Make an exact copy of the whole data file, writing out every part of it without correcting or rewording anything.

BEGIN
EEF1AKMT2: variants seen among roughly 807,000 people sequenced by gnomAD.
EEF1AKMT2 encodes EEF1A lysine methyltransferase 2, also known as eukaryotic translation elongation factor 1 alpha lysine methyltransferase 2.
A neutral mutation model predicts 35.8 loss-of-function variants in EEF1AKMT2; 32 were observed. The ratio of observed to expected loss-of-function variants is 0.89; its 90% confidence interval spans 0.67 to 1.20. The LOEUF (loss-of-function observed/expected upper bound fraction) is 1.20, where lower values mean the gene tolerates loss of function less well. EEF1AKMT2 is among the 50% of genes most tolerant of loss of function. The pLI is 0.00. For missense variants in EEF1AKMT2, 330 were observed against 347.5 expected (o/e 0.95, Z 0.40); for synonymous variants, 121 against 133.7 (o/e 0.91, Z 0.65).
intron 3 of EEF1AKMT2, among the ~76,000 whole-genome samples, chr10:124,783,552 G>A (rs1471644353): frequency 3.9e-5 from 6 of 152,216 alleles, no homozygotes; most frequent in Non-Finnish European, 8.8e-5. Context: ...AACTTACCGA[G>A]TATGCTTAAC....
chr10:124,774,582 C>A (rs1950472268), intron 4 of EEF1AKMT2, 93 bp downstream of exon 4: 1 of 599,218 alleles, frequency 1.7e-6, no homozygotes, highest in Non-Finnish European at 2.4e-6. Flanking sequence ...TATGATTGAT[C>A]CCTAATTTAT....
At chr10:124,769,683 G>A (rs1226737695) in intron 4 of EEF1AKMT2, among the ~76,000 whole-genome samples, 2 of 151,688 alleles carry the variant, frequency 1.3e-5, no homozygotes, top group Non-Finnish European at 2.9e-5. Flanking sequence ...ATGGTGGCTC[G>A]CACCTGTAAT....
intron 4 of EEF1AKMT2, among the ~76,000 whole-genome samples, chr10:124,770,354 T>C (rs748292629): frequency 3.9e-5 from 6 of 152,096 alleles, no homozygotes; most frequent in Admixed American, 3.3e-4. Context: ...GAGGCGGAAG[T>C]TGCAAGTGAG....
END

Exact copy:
EEF1AKMT2: variants seen among roughly 807,000 people sequenced by gnomAD.
EEF1AKMT2 encodes EEF1A lysine methyltransferase 2, also known as eukaryotic translation elongation factor 1 alpha lysine methyltransferase 2.
A neutral mutation model predicts 35.8 loss-of-function variants in EEF1AKMT2; 32 were observed. The ratio of observed to expected loss-of-function variants is 0.89; its 90% confidence interval spans 0.67 to 1.20. The LOEUF (loss-of-function observed/expected upper bound fraction) is 1.20, where lower values mean the gene tolerates loss of function less well. EEF1AKMT2 is among the 50% of genes most tolerant of loss of function. The pLI is 0.00. For missense variants in EEF1AKMT2, 330 were observed against 347.5 expected (o/e 0.95, Z 0.40); for synonymous variants, 121 against 133.7 (o/e 0.91, Z 0.65).
intron 3 of EEF1AKMT2, among the ~76,000 whole-genome samples, chr10:124,783,552 G>A (rs1471644353): frequency 3.9e-5 from 6 of 152,216 alleles, no homozygotes; most frequent in Non-Finnish European, 8.8e-5. Context: ...AACTTACCGA[G>A]TATGCTTAAC....
chr10:124,774,582 C>A (rs1950472268), intron 4 of EEF1AKMT2, 93 bp downstream of exon 4: 1 of 599,218 alleles, frequency 1.7e-6, no homozygotes, highest in Non-Finnish European at 2.4e-6. Flanking sequence ...TATGATTGAT[C>A]CCTAATTTAT....
At chr10:124,769,683 G>A (rs1226737695) in intron 4 of EEF1AKMT2, among the ~76,000 whole-genome samples, 2 of 151,688 alleles carry the variant, frequency 1.3e-5, no homozygotes, top group Non-Finnish European at 2.9e-5. Flanking sequence ...ATGGTGGCTC[G>A]CACCTGTAAT....
intron 4 of EEF1AKMT2, among the ~76,000 whole-genome samples, chr10:124,770,354 T>C (rs748292629): frequency 3.9e-5 from 6 of 152,096 alleles, no homozygotes; most frequent in Admixed American, 3.3e-4. Context: ...GAGGCGGAAG[T>C]TGCAAGTGAG....